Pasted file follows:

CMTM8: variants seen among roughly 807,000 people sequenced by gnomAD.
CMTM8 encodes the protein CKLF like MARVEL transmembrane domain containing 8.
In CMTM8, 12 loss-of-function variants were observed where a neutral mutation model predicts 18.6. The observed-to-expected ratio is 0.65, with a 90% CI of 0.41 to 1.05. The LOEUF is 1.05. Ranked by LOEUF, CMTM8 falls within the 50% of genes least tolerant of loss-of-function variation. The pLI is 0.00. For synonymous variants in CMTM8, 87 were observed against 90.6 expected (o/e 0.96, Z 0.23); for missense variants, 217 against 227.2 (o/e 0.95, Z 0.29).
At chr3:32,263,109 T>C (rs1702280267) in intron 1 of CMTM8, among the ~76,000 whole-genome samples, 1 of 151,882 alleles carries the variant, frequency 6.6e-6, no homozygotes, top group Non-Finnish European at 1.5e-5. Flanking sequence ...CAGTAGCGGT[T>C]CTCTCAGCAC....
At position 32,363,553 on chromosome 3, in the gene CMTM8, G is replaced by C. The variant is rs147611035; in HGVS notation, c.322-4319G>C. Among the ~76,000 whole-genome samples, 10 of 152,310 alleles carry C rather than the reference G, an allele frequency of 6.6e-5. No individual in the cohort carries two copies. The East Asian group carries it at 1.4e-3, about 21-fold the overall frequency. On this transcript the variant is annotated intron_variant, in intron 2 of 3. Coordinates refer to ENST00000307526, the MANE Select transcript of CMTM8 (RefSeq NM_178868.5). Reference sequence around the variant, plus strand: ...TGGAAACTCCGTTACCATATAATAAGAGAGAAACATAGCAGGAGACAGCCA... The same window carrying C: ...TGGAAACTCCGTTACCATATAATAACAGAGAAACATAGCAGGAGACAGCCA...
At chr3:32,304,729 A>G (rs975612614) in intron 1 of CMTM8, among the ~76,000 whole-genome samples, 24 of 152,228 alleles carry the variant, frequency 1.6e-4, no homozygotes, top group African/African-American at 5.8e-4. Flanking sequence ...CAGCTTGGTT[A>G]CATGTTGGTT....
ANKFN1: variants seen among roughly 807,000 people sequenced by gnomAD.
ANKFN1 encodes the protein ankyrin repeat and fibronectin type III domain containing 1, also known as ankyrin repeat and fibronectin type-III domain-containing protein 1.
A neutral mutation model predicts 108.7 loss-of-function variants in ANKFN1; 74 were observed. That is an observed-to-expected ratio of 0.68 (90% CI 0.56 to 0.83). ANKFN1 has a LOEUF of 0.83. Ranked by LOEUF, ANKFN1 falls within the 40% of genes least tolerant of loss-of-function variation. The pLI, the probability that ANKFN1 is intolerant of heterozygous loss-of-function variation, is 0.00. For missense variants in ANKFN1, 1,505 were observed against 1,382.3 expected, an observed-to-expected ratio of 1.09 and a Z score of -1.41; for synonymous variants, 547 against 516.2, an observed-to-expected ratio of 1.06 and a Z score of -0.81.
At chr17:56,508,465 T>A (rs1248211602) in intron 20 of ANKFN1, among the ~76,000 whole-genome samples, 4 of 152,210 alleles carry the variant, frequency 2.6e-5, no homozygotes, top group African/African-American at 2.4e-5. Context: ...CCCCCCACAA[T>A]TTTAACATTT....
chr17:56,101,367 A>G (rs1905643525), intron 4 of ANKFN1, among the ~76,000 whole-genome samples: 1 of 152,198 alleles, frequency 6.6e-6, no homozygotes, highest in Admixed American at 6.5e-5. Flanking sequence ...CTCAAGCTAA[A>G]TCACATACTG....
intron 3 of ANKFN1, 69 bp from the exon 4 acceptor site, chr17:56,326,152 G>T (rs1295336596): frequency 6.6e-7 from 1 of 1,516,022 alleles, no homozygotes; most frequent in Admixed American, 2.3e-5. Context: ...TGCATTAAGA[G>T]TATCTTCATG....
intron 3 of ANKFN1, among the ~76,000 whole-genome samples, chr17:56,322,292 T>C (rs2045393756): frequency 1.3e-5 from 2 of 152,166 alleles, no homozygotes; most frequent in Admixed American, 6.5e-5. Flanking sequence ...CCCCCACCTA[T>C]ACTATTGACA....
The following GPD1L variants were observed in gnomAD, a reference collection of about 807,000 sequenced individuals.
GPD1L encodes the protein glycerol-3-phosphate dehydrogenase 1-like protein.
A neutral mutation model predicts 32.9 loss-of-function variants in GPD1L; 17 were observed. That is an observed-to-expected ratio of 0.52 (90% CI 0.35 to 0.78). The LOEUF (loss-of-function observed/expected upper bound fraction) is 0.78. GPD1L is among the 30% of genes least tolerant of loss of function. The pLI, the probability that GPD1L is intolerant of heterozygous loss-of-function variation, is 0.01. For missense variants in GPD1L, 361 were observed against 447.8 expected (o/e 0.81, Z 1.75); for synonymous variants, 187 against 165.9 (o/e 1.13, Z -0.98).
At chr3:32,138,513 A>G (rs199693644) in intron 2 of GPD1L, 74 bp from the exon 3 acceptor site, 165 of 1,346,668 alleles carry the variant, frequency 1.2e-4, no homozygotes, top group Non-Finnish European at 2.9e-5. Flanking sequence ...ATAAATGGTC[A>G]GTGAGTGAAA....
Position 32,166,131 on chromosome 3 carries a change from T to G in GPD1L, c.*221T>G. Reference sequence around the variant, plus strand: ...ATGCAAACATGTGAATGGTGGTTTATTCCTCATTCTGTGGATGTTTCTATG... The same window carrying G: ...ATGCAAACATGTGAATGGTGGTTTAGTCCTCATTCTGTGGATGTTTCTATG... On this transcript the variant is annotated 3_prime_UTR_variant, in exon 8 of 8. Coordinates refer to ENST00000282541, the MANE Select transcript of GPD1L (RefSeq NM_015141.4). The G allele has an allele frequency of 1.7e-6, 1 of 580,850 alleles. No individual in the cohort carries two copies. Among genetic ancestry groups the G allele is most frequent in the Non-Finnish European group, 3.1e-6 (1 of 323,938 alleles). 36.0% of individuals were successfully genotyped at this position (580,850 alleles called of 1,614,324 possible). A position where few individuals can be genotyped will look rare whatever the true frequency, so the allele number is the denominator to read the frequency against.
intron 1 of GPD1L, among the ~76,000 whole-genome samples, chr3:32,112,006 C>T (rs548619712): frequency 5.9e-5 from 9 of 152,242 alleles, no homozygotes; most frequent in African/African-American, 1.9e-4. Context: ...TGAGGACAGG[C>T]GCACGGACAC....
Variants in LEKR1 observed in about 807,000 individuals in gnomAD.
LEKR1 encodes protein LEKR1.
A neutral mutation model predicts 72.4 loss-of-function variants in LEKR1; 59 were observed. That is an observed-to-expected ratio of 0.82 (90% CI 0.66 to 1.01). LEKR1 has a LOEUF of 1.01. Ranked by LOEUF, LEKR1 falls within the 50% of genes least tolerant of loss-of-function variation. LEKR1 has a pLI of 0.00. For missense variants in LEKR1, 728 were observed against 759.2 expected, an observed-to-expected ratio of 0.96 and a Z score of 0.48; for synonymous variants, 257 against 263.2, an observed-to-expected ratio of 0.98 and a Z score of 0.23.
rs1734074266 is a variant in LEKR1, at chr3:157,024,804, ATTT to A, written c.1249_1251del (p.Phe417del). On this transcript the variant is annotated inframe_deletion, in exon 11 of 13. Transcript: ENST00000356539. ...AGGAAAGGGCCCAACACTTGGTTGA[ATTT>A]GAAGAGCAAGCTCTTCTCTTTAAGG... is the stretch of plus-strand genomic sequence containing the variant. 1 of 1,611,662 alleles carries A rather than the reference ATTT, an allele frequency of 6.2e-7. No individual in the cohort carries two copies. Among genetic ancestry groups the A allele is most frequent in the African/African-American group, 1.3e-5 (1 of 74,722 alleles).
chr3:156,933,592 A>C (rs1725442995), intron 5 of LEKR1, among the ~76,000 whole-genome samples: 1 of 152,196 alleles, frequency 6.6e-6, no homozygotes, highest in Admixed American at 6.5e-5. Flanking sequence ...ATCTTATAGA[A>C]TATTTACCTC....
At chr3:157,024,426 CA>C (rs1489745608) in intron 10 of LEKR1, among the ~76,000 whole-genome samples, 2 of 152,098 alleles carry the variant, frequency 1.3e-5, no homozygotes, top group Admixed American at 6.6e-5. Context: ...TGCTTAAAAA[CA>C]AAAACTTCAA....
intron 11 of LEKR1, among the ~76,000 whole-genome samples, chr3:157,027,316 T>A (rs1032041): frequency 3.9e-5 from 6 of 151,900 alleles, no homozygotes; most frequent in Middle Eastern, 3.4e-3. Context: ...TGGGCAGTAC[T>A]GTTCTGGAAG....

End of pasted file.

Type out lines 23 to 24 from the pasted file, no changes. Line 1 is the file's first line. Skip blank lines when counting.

rs1734074266 is a variant in LEKR1, at chr3:157,024,804, ATTT to A, written c.1249_1251del (p.Phe417del). On this transcript the variant is annotated inframe_deletion, in exon 11 of 13. Transcript: ENST00000356539. ...AGGAAAGGGCCCAACACTTGGTTGA[ATTT>A]GAAGAGCAAGCTCTTCTCTTTAAGG... is the stretch of plus-strand genomic sequence containing the variant. 1 of 1,611,662 alleles carries A rather than the reference ATTT, an allele frequency of 6.2e-7. No individual in the cohort carries two copies. Among genetic ancestry groups the A allele is most frequent in the African/African-American group, 1.3e-5 (1 of 74,722 alleles).
chr3:156,933,592 A>C (rs1725442995), intron 5 of LEKR1, among the ~76,000 whole-genome samples: 1 of 152,196 alleles, frequency 6.6e-6, no homozygotes, highest in Admixed American at 6.5e-5. Flanking sequence ...ATCTTATAGA[A>C]TATTTACCTC....